Including entry into Mexico and Canada by land and sea
Recognition of WHO-approved vaccines such as AstraZeneca
Corona risk management on an individual basis, not on a country basis
The U.S. will end its overland border closures to non-essential travelers and open its borders to all foreigners who have been vaccinated against COVID-19 from next month.
The U.S. Department of Homeland Security announced on the 13th (local time) that it will allow entry of all foreigners who have been vaccinated against COVID-19 from next month, including entry by land and sea from Mexico and Canada. For the past year and seven months since the spread of COVID-19, the United States has strictly controlled entry by car, rail, and ship from Mexico and Canada except for essential purposes such as trade.
Homeland Security Minister Alejandro Mallorcas said: “We are delighted to be taking steps to resume normal travel in a safe and sustainable way.”
From mid-January next year, foreigners with essential entry purposes, such as freight truck drivers, will need to be vaccinated before entering the country.
Legal entrants must prove that they have been vaccinated upon entry in accordance with U.S. Customs and Border Protection (CBP) normal procedures. Vaccines approved in the United States, such as Pfizer, Moderna, and Janssen (a Johnson & Johnson affiliate), as well as vaccines not approved in the United States but approved by the World Health Organization (WHO), such as the AstraZeneca vaccine, are recognized.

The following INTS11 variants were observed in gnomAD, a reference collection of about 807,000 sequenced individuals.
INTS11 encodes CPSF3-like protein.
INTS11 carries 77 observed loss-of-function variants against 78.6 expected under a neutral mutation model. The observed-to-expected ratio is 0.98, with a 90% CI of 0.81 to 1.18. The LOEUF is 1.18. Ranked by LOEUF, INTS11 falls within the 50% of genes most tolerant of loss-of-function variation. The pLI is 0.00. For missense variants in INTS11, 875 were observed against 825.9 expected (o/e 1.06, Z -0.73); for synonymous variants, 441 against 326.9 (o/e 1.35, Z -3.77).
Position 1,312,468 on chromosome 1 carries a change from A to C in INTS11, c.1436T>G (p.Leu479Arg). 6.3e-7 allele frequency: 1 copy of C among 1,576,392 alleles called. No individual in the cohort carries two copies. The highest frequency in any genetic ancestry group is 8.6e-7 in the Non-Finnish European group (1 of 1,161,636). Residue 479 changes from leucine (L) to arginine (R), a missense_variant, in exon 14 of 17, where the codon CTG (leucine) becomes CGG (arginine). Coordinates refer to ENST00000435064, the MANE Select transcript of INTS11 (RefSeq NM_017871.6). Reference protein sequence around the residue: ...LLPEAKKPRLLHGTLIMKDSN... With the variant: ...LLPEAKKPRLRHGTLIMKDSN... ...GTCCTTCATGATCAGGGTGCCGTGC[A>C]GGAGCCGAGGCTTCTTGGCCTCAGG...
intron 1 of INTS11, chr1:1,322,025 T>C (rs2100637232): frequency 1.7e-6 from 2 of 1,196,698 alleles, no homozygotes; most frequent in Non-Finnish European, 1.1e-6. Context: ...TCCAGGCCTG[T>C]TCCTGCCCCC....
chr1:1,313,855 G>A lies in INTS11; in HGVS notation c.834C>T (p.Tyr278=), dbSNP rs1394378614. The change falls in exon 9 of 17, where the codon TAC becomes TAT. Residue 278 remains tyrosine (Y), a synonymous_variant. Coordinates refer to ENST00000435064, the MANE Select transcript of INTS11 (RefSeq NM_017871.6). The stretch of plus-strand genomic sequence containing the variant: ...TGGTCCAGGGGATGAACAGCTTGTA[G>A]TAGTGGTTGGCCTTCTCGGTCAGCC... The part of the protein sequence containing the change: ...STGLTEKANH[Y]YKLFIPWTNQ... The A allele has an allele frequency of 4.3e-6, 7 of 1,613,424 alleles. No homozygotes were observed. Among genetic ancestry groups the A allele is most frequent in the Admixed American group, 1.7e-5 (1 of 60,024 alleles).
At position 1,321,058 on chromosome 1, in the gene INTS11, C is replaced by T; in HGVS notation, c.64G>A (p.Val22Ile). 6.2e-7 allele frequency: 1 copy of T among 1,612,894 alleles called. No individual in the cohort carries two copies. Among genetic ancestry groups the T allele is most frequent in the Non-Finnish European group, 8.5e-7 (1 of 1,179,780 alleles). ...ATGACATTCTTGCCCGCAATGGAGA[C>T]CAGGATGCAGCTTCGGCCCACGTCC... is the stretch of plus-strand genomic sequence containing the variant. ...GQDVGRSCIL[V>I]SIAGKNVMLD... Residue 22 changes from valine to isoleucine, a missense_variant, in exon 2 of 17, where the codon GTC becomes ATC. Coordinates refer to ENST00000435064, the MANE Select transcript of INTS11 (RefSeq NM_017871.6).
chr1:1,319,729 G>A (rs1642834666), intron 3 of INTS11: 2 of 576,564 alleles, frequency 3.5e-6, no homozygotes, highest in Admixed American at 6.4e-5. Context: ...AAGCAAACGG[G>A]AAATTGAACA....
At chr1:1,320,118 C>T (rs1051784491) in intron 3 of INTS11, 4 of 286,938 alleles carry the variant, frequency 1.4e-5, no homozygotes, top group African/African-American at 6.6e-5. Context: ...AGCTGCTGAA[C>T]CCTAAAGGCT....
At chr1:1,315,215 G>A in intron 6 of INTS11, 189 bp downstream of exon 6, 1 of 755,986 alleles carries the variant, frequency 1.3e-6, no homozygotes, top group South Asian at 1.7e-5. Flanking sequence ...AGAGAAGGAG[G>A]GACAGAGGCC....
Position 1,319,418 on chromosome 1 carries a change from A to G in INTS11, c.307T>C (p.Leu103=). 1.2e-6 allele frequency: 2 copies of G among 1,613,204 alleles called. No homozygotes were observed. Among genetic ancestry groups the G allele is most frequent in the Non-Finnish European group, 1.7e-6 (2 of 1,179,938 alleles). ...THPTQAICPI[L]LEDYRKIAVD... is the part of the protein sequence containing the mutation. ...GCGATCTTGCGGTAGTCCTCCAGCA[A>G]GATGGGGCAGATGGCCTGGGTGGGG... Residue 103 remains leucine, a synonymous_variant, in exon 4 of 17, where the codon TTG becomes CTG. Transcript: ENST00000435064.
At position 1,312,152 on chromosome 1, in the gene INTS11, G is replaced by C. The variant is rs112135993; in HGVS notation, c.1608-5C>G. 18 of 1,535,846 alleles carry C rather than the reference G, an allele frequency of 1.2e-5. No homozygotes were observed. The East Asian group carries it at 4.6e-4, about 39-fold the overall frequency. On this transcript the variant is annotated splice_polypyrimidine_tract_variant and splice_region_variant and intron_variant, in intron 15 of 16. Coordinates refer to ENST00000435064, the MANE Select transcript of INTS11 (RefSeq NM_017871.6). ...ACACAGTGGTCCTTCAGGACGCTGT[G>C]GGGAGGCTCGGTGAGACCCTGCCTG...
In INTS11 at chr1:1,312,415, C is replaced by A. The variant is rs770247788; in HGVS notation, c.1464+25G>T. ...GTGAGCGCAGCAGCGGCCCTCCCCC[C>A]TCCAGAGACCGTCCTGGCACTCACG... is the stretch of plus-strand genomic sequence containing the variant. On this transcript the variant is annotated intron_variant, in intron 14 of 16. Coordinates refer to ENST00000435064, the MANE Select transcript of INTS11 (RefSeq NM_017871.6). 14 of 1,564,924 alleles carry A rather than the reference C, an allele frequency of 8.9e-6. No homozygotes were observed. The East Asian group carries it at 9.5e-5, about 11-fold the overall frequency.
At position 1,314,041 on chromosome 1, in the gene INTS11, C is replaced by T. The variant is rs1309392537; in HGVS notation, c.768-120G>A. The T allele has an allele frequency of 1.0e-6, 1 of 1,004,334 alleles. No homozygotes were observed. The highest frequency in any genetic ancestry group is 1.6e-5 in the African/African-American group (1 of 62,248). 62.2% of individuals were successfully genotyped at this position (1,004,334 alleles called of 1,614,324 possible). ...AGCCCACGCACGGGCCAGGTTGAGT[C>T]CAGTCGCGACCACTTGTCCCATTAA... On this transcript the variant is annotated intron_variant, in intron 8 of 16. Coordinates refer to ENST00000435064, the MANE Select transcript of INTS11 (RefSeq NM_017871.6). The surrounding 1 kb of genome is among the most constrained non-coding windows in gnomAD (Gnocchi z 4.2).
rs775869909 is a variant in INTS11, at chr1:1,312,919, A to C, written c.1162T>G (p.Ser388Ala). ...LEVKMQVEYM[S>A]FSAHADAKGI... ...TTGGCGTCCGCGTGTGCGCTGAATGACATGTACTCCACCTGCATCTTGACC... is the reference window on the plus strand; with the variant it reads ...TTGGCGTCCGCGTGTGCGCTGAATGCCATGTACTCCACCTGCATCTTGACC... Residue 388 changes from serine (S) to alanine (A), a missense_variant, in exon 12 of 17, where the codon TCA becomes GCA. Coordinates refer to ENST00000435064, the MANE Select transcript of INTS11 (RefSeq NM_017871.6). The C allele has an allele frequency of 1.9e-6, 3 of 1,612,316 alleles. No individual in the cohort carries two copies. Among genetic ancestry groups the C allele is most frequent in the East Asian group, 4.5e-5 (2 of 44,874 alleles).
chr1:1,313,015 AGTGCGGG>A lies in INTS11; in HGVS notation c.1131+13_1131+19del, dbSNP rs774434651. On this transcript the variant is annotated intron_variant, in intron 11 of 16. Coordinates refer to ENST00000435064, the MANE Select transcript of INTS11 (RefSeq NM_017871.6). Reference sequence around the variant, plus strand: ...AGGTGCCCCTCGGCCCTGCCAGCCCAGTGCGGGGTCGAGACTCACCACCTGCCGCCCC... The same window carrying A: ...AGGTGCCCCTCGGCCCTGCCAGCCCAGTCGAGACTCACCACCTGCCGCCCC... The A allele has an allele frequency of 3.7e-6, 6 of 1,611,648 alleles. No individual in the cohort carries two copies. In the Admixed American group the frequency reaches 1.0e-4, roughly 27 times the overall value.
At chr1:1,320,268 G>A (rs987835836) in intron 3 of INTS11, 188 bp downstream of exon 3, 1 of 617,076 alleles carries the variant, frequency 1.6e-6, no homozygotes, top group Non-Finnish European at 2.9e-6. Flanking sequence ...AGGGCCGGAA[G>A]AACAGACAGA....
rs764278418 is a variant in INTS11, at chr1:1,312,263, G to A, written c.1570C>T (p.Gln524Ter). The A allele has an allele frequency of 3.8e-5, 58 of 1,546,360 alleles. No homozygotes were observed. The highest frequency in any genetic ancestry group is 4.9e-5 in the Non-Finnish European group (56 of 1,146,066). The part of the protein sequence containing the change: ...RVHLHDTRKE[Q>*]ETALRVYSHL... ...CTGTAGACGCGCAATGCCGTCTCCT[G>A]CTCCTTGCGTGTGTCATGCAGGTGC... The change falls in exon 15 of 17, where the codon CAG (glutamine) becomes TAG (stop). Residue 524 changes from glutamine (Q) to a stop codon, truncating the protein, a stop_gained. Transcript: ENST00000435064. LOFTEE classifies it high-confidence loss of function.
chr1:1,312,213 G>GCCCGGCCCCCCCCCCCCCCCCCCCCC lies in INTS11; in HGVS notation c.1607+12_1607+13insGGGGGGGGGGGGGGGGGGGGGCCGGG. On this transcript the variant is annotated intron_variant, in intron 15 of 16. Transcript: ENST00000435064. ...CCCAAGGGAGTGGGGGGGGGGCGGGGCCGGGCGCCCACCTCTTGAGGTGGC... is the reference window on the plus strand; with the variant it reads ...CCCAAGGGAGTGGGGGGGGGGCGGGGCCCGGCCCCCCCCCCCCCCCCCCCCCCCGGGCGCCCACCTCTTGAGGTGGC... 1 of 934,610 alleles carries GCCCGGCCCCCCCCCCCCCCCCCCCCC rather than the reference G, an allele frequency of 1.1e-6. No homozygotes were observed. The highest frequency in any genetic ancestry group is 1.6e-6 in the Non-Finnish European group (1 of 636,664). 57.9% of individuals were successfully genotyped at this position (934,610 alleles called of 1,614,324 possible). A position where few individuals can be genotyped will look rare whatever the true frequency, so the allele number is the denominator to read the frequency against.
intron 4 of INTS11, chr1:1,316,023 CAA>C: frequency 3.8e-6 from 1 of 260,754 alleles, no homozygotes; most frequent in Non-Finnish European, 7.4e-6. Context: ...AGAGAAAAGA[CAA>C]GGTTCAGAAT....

These new quarantine regulations are analyzed as a shift in the government’s policy to manage the risk of the spread of COVID-19 on an individual basis rather than a target country. The United States announced last month that it would change regulations to make it mandatory for those wishing to enter the country to vaccinate, instead of blocking all travelers from certain countries even when entering by plane.
The Joe Biden administration is pushing for a plan to make vaccination and infection testing compulsory. This is a measure to put pressure on those who reject vaccines. President Biden last month issued an executive order requiring federal government officials and civilians contracting with the federal government to vaccinate by early December. The U.S. Department of Labor said it has completed a draft emergency rule requiring employers of companies with 100 or more workers to vaccinate or test workers on a weekly basis.